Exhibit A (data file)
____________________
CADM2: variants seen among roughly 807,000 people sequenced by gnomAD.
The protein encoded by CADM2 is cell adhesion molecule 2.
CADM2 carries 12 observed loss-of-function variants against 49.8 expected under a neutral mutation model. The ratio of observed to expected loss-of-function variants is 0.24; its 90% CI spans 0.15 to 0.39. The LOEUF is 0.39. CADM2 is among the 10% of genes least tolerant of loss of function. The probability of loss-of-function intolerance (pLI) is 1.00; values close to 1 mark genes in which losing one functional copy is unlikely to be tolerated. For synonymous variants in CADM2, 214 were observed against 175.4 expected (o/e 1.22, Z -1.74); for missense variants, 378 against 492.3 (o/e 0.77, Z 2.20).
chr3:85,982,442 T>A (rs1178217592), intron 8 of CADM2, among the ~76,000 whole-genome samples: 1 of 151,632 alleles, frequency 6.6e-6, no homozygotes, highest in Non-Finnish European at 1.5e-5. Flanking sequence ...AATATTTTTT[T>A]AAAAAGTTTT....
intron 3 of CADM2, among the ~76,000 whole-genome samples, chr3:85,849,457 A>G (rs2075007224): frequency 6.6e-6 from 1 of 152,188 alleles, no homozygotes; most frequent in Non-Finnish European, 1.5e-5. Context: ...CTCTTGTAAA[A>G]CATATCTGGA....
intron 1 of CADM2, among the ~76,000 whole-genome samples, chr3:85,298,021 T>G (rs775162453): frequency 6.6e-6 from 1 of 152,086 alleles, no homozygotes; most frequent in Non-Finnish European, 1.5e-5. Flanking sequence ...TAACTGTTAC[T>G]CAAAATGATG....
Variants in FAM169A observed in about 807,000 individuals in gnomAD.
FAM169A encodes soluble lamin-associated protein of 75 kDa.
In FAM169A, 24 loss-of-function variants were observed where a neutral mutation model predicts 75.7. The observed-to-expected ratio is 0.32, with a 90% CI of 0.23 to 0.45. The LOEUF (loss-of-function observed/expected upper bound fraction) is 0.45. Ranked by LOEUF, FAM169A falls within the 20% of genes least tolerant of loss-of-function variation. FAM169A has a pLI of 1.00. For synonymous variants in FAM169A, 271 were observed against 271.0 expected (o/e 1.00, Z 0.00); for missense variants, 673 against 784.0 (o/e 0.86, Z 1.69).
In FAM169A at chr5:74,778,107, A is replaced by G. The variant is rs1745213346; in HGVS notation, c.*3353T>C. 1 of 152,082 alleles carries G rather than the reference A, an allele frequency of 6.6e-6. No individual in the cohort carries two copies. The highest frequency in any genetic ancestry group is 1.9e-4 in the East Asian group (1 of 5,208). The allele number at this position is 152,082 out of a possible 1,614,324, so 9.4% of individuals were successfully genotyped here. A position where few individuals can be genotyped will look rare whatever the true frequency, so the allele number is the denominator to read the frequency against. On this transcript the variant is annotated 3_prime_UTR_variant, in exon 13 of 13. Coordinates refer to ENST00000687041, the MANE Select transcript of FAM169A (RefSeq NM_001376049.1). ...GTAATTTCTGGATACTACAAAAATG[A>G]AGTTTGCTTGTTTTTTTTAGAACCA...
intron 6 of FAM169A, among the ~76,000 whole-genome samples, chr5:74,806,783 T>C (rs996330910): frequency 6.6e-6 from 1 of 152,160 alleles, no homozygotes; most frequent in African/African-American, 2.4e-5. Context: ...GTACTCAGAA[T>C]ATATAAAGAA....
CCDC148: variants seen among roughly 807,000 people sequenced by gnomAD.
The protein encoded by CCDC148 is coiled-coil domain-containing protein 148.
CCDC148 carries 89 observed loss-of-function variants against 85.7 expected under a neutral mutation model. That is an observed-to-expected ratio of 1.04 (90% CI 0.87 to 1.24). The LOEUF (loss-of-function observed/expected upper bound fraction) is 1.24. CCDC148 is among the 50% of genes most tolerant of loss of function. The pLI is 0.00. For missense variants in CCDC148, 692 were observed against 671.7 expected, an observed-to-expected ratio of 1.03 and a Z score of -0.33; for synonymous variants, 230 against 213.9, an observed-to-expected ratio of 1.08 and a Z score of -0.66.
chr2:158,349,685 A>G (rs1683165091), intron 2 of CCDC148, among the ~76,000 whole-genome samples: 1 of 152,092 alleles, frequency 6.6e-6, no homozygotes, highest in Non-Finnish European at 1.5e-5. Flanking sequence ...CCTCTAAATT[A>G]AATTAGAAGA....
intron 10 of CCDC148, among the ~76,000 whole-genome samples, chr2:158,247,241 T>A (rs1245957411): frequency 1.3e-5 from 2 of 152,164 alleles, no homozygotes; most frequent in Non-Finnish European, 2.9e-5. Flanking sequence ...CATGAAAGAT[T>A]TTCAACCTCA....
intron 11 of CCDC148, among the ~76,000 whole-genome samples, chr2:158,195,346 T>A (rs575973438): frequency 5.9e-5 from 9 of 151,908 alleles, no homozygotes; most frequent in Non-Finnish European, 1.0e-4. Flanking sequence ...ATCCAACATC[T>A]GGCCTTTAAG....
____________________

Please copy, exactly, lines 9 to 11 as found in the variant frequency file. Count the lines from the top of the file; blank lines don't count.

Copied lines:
In FAM169A, 24 loss-of-function variants were observed where a neutral mutation model predicts 75.7. The observed-to-expected ratio is 0.32, with a 90% CI of 0.23 to 0.45. The LOEUF (loss-of-function observed/expected upper bound fraction) is 0.45. Ranked by LOEUF, FAM169A falls within the 20% of genes least tolerant of loss-of-function variation. FAM169A has a pLI of 1.00. For synonymous variants in FAM169A, 271 were observed against 271.0 expected (o/e 1.00, Z 0.00); for missense variants, 673 against 784.0 (o/e 0.86, Z 1.69).
In FAM169A at chr5:74,778,107, A is replaced by G. The variant is rs1745213346; in HGVS notation, c.*3353T>C. 1 of 152,082 alleles carries G rather than the reference A, an allele frequency of 6.6e-6. No individual in the cohort carries two copies. The highest frequency in any genetic ancestry group is 1.9e-4 in the East Asian group (1 of 5,208). The allele number at this position is 152,082 out of a possible 1,614,324, so 9.4% of individuals were successfully genotyped here. A position where few individuals can be genotyped will look rare whatever the true frequency, so the allele number is the denominator to read the frequency against. On this transcript the variant is annotated 3_prime_UTR_variant, in exon 13 of 13. Coordinates refer to ENST00000687041, the MANE Select transcript of FAM169A (RefSeq NM_001376049.1). ...GTAATTTCTGGATACTACAAAAATG[A>G]AGTTTGCTTGTTTTTTTTAGAACCA...
intron 6 of FAM169A, among the ~76,000 whole-genome samples, chr5:74,806,783 T>C (rs996330910): frequency 6.6e-6 from 1 of 152,160 alleles, no homozygotes; most frequent in African/African-American, 2.4e-5. Context: ...GTACTCAGAA[T>C]ATATAAAGAA....